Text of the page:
By now you may have heard that Hillary Clinton is (or may be) using one or more psychologists to help her prepare for her debate with Donald Trump. This was mentioned on TV last night after it was reported in the New York Times, and is being talked about on MSNBC this morning. Her surrogate is, as I write this, making a non-denial denial that she is actually using psychologists. He didn’t come right out and absolutely deny it.
There is no doubt in my mind that any psychologist who is helping Hillary prepare to make Trump look bad during the debate wants to advise her on ways to “get under his skin” to elicit a decidedly unpresidential reaction. In order to do this he (or she) will have had to make a diagnosis of Trump based on everything we know about him. This may be why Tony Schwartz, the author of “The Art of the Deal” was brought in to be part of the team. Combine his observations of the unguarded Trump over 18 months with all we’ve seen of Trump on TV and have learned about him from his Tweets and interviews with Howard Stern, there is a wealth of information to understand how his psyche works.
From the New York Times
Hillary Clinton’s advisers are talking to Donald J. Trump’s ghostwriter of “The Art of the Deal,” seeking insights about Mr. Trump’s deepest insecurities as they devise strategies to needle and undermine him in four weeks at the first presidential debate, the most anticipated in a generation.
Her team is also getting advice from psychology experts to help create a personality profile of Mr. Trump to gauge how he may respond to attacks and deal with a woman as his sole adversary on the debate stage.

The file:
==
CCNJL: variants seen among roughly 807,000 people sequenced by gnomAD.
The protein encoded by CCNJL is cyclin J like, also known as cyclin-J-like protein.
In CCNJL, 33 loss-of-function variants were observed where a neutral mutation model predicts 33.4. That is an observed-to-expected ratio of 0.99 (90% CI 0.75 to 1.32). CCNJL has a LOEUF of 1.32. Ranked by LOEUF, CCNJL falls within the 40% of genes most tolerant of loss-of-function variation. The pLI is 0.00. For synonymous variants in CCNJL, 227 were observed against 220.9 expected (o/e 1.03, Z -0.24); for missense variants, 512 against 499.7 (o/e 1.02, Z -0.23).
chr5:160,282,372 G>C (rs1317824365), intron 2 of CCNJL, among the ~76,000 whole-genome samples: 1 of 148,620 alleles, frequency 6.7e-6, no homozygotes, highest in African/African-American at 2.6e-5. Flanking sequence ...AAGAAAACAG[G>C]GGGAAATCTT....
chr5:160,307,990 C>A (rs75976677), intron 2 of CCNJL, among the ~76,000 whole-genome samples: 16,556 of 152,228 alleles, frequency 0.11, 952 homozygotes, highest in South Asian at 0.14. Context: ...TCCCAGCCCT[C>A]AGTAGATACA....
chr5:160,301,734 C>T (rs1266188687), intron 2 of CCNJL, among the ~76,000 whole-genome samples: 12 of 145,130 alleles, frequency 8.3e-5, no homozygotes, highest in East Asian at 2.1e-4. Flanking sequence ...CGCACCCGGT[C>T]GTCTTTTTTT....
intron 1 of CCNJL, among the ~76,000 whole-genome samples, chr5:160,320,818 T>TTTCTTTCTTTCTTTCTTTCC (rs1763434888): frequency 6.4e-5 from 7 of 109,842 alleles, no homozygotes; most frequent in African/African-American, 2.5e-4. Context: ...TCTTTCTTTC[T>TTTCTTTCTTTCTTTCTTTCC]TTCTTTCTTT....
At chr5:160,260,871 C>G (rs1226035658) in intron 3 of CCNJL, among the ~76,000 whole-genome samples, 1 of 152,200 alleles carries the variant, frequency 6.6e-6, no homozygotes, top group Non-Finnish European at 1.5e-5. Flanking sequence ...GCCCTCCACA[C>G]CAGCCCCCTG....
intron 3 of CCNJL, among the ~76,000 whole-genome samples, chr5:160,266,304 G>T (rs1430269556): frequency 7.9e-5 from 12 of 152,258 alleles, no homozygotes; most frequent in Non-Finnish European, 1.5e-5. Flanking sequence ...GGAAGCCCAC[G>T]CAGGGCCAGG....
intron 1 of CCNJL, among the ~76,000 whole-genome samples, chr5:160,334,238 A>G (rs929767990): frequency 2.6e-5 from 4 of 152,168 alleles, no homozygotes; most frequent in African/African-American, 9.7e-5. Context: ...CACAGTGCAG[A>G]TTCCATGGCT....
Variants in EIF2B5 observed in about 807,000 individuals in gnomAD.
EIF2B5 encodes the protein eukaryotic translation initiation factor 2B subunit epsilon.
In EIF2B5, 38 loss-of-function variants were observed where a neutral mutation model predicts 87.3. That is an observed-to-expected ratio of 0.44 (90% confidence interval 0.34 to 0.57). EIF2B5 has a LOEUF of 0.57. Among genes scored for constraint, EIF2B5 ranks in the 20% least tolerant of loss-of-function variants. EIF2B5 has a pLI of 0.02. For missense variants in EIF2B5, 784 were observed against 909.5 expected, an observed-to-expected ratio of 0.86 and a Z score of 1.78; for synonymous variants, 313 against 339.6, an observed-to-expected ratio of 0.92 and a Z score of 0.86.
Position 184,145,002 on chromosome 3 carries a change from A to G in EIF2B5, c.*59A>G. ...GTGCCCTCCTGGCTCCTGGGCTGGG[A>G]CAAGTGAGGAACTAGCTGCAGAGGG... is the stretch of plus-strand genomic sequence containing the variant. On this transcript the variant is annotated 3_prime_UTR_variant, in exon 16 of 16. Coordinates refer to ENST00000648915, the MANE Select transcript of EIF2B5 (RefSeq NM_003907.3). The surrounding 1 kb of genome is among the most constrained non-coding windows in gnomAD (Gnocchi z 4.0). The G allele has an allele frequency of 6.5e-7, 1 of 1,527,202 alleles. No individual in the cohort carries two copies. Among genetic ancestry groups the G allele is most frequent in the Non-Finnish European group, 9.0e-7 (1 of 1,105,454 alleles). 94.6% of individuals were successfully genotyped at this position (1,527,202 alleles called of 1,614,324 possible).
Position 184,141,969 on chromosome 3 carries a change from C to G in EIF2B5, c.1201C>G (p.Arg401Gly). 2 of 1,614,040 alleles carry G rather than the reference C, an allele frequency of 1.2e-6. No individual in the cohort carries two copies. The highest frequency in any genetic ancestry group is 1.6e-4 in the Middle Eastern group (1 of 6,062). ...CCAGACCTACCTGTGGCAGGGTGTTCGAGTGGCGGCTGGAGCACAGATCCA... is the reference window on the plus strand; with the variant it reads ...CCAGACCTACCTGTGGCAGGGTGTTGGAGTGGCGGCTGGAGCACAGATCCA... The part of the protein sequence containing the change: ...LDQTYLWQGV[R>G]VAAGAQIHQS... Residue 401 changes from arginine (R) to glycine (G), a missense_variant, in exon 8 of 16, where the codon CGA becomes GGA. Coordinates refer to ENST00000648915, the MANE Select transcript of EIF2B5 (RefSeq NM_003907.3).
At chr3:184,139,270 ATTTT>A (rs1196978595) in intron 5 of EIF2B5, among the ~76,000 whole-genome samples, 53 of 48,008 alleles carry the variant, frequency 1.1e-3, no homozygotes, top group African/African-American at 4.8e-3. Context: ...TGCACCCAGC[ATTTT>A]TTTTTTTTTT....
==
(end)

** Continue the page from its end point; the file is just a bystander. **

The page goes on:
They are undertaking a forensic-style analysis of Mr. Trump’s performances in the Republican primary debates, cataloging strengths and weaknesses as well as trigger points that caused him to lash out in less-than-presidential ways.
In compiling research to help Mrs. Clinton prepare, her advisers have cast a wide net. They contacted Tony Schwartz, the “Art of the Deal” co-author, to give them advice about Mr. Trump this summer — even though Mr. Schwartz’s 18-month immersion in Mr. Trump’s life and homes ended in the mid-1980s. But Clinton advisers said Mr. Schwartz and other writers who had observed Mr. Trump up close, as well as unnamed psychology experts they had spoken to, were critical to understanding how to get under Mr. Trump’s skin.
There has been something of a brouhaha on the comments sections of the diaries I wrote using my minority view interpretation of the “never-diagnose-at-a-distance” Goldwater rule: You should feel free to do so when you believe not to do so would be unethical. Other therapists agree with me: see Vanity Fair and here.
Enough about that. I’ll never convince the naysayers here, let alone the founder of the Citizen Therapist Facebook page with 2,500 members who personally banned me from posting anything on his page discussing diagnosing Trump.
My point is that now we have one or more psychologists “privately” working for Hillary Clinton to use their diagnostic acumen to help her do something akin to what the psychologists working for the CIA did to help them find effective ways to extract information from terrorists.
There was quite a controversy in the profession when this came to light with many mental health professionals saying that basically these people were using their expertise to help torture “detainees."
The American Psychological Association (APA) has a long history of opposing the misuse of psychological knowledge in practice, assessment, research and any other activity utilizing the tools of the field [1, 2]. The APA Ethical Principles of Psychologists – Code of Conduct has long been the guide to both acceptable and prohibited behavior [3, 4], and has long ensured the proper and safe use of psychological methods. It protects U.S. psychologists, but most important of all, those who are most exposed and most vulnerable to the misuse of psychology and its tools .